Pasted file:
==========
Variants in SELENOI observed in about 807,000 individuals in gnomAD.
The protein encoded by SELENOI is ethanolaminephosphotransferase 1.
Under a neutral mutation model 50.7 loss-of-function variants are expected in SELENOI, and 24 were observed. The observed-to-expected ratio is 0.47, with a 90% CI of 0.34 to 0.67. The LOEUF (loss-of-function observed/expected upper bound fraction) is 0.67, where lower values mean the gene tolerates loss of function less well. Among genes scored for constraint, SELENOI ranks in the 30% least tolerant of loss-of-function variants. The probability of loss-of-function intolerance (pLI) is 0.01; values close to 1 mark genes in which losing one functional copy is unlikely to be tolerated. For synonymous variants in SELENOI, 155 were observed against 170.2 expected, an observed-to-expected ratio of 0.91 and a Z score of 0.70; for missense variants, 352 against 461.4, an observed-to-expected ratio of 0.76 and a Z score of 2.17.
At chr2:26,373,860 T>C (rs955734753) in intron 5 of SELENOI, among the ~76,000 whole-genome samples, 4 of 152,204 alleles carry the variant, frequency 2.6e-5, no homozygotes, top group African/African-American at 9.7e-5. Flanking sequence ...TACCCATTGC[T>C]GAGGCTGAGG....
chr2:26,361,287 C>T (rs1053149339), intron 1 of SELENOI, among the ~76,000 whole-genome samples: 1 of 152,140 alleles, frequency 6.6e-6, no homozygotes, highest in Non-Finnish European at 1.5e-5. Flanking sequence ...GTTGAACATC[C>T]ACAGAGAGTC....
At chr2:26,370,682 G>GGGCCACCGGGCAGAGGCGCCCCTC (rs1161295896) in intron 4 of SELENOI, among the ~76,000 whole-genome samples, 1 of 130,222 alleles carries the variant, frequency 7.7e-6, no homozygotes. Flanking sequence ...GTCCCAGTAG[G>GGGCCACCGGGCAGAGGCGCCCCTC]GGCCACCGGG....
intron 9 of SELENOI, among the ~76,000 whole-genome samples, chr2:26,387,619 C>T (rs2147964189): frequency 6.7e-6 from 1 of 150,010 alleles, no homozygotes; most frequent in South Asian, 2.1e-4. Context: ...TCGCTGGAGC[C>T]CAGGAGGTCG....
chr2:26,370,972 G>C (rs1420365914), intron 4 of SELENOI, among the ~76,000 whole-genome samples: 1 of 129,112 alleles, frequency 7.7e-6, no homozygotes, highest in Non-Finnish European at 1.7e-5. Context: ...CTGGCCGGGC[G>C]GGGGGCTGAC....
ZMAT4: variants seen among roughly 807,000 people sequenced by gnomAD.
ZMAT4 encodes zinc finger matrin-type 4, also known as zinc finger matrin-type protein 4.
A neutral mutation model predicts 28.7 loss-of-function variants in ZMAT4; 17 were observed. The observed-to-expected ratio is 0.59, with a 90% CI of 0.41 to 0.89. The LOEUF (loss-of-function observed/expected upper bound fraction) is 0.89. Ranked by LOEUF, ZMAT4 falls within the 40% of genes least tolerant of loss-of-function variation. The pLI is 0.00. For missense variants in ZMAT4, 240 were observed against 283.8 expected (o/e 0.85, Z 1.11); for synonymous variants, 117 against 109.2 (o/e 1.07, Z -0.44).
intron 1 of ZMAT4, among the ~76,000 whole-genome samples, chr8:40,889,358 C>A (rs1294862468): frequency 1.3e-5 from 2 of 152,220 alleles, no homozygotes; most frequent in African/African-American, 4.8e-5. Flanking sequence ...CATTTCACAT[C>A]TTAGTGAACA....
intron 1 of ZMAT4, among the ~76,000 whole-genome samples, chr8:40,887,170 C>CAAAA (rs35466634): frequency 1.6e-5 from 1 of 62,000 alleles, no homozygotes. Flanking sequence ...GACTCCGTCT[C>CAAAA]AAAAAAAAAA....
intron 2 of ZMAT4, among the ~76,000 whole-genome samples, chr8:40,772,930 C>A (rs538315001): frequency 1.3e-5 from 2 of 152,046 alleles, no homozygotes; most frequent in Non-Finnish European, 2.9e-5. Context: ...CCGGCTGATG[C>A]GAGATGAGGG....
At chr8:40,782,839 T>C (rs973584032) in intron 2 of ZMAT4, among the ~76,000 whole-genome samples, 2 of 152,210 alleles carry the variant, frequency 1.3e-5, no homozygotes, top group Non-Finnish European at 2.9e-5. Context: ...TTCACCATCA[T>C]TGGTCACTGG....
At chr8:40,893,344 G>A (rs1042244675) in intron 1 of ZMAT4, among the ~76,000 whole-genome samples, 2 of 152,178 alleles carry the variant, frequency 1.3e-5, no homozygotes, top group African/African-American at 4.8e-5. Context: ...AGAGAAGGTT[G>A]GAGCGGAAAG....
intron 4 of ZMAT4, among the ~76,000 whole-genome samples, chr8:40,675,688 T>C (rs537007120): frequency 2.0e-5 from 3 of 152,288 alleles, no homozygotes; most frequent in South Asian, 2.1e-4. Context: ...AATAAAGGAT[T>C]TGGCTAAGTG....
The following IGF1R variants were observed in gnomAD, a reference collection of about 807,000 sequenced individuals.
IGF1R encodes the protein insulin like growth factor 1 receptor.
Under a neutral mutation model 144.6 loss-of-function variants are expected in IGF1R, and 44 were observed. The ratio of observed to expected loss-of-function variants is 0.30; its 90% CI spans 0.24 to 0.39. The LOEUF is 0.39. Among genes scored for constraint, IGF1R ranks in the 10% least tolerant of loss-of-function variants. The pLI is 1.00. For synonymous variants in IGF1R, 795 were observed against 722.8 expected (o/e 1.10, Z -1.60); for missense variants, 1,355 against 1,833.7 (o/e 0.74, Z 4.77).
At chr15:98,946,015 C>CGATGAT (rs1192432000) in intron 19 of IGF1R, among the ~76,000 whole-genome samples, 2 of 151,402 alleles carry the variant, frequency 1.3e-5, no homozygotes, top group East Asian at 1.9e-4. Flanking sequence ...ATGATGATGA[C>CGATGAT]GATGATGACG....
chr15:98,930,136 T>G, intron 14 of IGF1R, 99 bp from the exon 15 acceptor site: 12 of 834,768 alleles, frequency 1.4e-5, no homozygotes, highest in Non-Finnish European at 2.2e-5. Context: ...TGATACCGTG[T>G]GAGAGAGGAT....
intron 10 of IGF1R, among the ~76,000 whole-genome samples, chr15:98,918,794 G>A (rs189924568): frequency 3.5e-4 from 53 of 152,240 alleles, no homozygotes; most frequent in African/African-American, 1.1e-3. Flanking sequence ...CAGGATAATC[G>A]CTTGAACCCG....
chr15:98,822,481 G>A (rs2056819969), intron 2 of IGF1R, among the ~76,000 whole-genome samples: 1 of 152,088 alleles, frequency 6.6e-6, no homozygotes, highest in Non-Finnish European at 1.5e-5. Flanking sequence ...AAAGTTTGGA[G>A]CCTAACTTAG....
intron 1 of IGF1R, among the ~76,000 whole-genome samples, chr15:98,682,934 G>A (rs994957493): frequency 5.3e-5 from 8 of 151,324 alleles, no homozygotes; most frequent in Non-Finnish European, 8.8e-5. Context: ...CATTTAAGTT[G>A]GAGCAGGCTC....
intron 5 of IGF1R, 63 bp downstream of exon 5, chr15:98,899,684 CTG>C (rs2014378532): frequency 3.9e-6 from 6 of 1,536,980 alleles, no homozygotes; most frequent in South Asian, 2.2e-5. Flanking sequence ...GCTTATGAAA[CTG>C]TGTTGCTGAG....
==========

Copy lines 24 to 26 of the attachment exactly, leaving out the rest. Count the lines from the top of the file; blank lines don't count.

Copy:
chr15:98,822,481 G>A (rs2056819969), intron 2 of IGF1R, among the ~76,000 whole-genome samples: 1 of 152,088 alleles, frequency 6.6e-6, no homozygotes, highest in Non-Finnish European at 1.5e-5. Flanking sequence ...AAAGTTTGGA[G>A]CCTAACTTAG....
intron 1 of IGF1R, among the ~76,000 whole-genome samples, chr15:98,682,934 G>A (rs994957493): frequency 5.3e-5 from 8 of 151,324 alleles, no homozygotes; most frequent in Non-Finnish European, 8.8e-5. Context: ...CATTTAAGTT[G>A]GAGCAGGCTC....
intron 5 of IGF1R, 63 bp downstream of exon 5, chr15:98,899,684 CTG>C (rs2014378532): frequency 3.9e-6 from 6 of 1,536,980 alleles, no homozygotes; most frequent in South Asian, 2.2e-5. Flanking sequence ...GCTTATGAAA[CTG>C]TGTTGCTGAG....